On the 5th November, Student Eats held its annual conference, this time with the University of Sheffield hosting. It was a day long event, with the hope being people from all across the country would be bought together to talk about sustainable food and be inspired with more knowledge, ideas and solutions. As a branch of NUS and now Students Organising for Sustainability (SOS), Student Eats has helped university groups sell over £120,000 worth of sustainable food, improved 58 growing sites and enabled people to volunteer over 25000 hours to projects really creating a positive difference, all within the last 3 years. The day highlighted the power of networking and sharing in generating impactful moves toward a better food system, both from within universities and independent initiatives.
The University of Sheffield have been very active in improving their food system on campus, as was explained by the Development Officer, Harry; a zero-waste shop and close linking between the student union and the university are two ways a fairer and greener food system is being created here. I’d journeyed up from Falmouth/Exeter Universities’ campus in Penryn, Cornwall and seeing what other universities were achieving and the parallels between this and what is being dreamed of within our campus, was very exciting.
Many topics were covered on the day, across a huge range of workshops and panels – it was really difficult to choose which to attend. Take away messages included how it isn’t just what we eat, but how it has been produced: monocultures of intensively grown crops are not the solution, nor is vegan fast food. We also covered how shaming the farmers for chemical covered crops is not productive, when supermarkets are driving prices of often unseasonal food down, putting farmer’s trying to make a living in difficult positions, whilst simultaneously wasting food and presenting it in unsustainable plastic. It was emphasised by key note speaker and former Green Party leader, Natalie Bennett, that unlike flying or driving cars, we cannot stop eating and everyone will continue to do so. As a result, it is important to have these conversations about how to make food better, and what better way to do that than over… cake?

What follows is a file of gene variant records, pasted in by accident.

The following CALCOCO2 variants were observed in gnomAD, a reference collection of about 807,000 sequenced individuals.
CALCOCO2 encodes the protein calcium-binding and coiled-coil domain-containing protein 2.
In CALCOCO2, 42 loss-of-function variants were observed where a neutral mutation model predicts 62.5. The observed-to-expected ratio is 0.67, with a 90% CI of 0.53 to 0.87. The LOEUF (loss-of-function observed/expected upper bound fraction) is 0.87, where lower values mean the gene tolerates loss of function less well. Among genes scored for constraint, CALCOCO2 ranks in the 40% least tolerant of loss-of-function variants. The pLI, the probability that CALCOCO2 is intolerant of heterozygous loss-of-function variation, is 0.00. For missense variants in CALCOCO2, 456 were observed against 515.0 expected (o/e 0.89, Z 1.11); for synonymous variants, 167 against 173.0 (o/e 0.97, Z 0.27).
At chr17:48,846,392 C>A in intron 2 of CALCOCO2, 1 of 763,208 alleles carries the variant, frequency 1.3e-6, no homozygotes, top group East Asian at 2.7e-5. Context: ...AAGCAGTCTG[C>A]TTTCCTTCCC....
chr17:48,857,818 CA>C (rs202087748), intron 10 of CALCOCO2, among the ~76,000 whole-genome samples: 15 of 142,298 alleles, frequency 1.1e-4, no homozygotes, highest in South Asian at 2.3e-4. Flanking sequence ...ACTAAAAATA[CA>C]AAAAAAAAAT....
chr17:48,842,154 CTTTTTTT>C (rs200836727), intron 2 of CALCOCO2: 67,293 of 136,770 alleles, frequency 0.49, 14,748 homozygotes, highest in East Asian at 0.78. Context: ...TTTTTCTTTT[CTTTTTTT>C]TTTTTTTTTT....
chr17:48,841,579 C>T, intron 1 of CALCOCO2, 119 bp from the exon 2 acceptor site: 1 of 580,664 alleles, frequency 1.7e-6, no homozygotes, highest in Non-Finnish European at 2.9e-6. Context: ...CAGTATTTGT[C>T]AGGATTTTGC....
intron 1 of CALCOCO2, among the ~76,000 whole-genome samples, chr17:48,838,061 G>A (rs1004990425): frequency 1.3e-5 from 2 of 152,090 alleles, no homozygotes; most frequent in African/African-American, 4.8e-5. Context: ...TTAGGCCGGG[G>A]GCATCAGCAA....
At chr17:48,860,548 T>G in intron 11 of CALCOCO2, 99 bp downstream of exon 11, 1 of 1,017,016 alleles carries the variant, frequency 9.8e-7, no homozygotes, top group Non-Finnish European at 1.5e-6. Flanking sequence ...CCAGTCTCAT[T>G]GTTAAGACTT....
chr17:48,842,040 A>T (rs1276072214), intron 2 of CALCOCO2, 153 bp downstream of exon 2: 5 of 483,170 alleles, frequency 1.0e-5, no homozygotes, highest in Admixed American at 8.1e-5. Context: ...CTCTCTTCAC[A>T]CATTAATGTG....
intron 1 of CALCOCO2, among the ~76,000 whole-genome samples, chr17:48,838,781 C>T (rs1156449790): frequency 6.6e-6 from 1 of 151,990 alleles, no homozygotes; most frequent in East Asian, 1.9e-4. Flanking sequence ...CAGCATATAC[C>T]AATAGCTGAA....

When we start picking apart the issue, we see it is symptomatic of a fundamentally flawed system - one that prioritises profit over people. Until we achieve climate justice, a buzzword of the day, we will not have sustainable food. Climate justice seeks to recognise that those least responsible for the climate crisis, are the most adversely affected. This is the poorest of society, the minorities, and the Global South that aren’t exploiting our planet to make profit. The necessity of our food system becoming a more conscious one, is as much for people as for the planet. One of the questions a workshop asked was: Can the world afford to eat sustainable food? I would ask, how can it not? For the world to sustain us, we must eat what is sustainable, and that isn’t always going to be the cheapest food. Within the UK we spend a proportionally small amount of our income on the food we consume, relative to other Western countries. Often, however, we hear the need to make our food cheaper. Presently to eat organic, whole foods, can cost double if not triple that of the cheapest, processed foods. So then when you have a family to feed, when you are on the poverty line, the choice is made for you whether to eat well or not. When we as humans barely have enough to make ends meet (or should I say ‘ends-meat’?), eating food that comes from a sustainable system is apparently too much of a luxury. I and those at the conference, don’t believe it should or needs to be this way.